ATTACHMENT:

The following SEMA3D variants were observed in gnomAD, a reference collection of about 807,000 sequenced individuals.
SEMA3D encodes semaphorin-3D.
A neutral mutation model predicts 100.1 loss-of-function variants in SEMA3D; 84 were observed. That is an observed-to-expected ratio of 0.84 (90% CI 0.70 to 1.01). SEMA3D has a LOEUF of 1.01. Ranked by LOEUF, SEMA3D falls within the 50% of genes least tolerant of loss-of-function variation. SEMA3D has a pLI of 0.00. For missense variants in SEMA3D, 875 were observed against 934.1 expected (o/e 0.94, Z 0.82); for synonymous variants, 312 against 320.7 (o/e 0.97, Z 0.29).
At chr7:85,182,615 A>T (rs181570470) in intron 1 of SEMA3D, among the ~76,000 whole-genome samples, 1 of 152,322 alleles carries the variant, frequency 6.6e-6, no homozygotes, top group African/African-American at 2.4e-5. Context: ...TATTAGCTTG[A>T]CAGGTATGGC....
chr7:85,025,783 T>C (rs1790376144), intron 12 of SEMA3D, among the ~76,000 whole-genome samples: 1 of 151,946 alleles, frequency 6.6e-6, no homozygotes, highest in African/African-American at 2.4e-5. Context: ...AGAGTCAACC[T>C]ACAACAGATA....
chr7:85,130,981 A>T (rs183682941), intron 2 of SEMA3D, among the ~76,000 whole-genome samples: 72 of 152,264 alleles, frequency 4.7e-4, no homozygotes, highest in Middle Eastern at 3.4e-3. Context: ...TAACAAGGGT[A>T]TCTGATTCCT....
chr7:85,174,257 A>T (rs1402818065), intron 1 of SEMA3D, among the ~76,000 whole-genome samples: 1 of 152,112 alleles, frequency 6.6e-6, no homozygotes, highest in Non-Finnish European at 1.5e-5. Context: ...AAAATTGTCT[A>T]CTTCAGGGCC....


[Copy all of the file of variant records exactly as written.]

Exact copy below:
The following SEMA3D variants were observed in gnomAD, a reference collection of about 807,000 sequenced individuals.
SEMA3D encodes semaphorin-3D.
A neutral mutation model predicts 100.1 loss-of-function variants in SEMA3D; 84 were observed. That is an observed-to-expected ratio of 0.84 (90% CI 0.70 to 1.01). SEMA3D has a LOEUF of 1.01. Ranked by LOEUF, SEMA3D falls within the 50% of genes least tolerant of loss-of-function variation. SEMA3D has a pLI of 0.00. For missense variants in SEMA3D, 875 were observed against 934.1 expected (o/e 0.94, Z 0.82); for synonymous variants, 312 against 320.7 (o/e 0.97, Z 0.29).
At chr7:85,182,615 A>T (rs181570470) in intron 1 of SEMA3D, among the ~76,000 whole-genome samples, 1 of 152,322 alleles carries the variant, frequency 6.6e-6, no homozygotes, top group African/African-American at 2.4e-5. Context: ...TATTAGCTTG[A>T]CAGGTATGGC....
chr7:85,025,783 T>C (rs1790376144), intron 12 of SEMA3D, among the ~76,000 whole-genome samples: 1 of 151,946 alleles, frequency 6.6e-6, no homozygotes, highest in African/African-American at 2.4e-5. Context: ...AGAGTCAACC[T>C]ACAACAGATA....
chr7:85,130,981 A>T (rs183682941), intron 2 of SEMA3D, among the ~76,000 whole-genome samples: 72 of 152,264 alleles, frequency 4.7e-4, no homozygotes, highest in Middle Eastern at 3.4e-3. Context: ...TAACAAGGGT[A>T]TCTGATTCCT....
chr7:85,174,257 A>T (rs1402818065), intron 1 of SEMA3D, among the ~76,000 whole-genome samples: 1 of 152,112 alleles, frequency 6.6e-6, no homozygotes, highest in Non-Finnish European at 1.5e-5. Context: ...AAAATTGTCT[A>T]CTTCAGGGCC....